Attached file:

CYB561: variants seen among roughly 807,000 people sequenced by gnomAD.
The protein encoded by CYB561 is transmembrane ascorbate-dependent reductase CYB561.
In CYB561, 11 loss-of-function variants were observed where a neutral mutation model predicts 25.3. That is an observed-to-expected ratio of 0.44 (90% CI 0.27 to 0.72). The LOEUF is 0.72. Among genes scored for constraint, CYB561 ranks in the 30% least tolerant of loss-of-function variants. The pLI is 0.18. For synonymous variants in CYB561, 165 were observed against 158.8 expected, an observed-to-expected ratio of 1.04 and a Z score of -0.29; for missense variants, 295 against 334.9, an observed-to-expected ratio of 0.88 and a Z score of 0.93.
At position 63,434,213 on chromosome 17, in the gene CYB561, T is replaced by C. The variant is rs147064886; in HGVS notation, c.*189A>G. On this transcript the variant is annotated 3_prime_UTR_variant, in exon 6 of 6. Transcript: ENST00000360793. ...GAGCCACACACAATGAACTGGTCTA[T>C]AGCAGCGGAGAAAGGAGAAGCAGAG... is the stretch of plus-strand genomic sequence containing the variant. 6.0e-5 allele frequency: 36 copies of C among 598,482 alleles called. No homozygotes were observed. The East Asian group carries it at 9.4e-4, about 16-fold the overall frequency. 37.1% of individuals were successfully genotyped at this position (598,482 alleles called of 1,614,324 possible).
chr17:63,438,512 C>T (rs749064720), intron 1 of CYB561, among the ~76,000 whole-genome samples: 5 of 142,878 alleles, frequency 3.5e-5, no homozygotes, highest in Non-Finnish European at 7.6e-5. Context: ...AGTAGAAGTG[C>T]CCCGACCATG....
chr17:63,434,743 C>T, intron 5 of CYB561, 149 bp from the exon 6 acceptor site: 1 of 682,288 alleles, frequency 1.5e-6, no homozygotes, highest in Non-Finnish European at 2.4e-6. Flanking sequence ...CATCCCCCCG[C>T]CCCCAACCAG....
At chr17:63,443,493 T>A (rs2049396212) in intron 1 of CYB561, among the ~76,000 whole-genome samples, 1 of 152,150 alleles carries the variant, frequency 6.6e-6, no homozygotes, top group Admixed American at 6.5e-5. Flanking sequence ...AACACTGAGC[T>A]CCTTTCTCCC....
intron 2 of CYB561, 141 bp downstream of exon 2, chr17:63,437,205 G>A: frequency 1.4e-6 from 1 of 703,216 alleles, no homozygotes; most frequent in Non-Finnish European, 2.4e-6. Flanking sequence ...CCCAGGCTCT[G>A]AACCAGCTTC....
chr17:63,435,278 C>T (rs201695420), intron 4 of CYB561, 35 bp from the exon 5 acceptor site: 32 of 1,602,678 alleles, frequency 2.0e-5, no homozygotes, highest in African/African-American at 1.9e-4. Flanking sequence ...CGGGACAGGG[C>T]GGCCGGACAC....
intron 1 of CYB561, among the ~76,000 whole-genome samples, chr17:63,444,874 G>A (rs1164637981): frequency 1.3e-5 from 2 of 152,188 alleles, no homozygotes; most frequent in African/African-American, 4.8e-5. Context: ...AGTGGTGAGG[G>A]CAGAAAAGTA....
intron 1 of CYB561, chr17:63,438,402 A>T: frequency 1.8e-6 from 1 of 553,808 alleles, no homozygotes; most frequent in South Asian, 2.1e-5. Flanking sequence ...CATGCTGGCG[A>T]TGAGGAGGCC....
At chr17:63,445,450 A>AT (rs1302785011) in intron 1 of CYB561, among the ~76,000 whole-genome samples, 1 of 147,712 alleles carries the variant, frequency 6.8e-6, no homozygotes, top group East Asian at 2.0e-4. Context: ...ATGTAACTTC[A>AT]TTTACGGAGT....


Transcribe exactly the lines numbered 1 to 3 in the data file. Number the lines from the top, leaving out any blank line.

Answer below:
CYB561: variants seen among roughly 807,000 people sequenced by gnomAD.
The protein encoded by CYB561 is transmembrane ascorbate-dependent reductase CYB561.
In CYB561, 11 loss-of-function variants were observed where a neutral mutation model predicts 25.3. That is an observed-to-expected ratio of 0.44 (90% CI 0.27 to 0.72). The LOEUF is 0.72. Among genes scored for constraint, CYB561 ranks in the 30% least tolerant of loss-of-function variants. The pLI is 0.18. For synonymous variants in CYB561, 165 were observed against 158.8 expected, an observed-to-expected ratio of 1.04 and a Z score of -0.29; for missense variants, 295 against 334.9, an observed-to-expected ratio of 0.88 and a Z score of 0.93.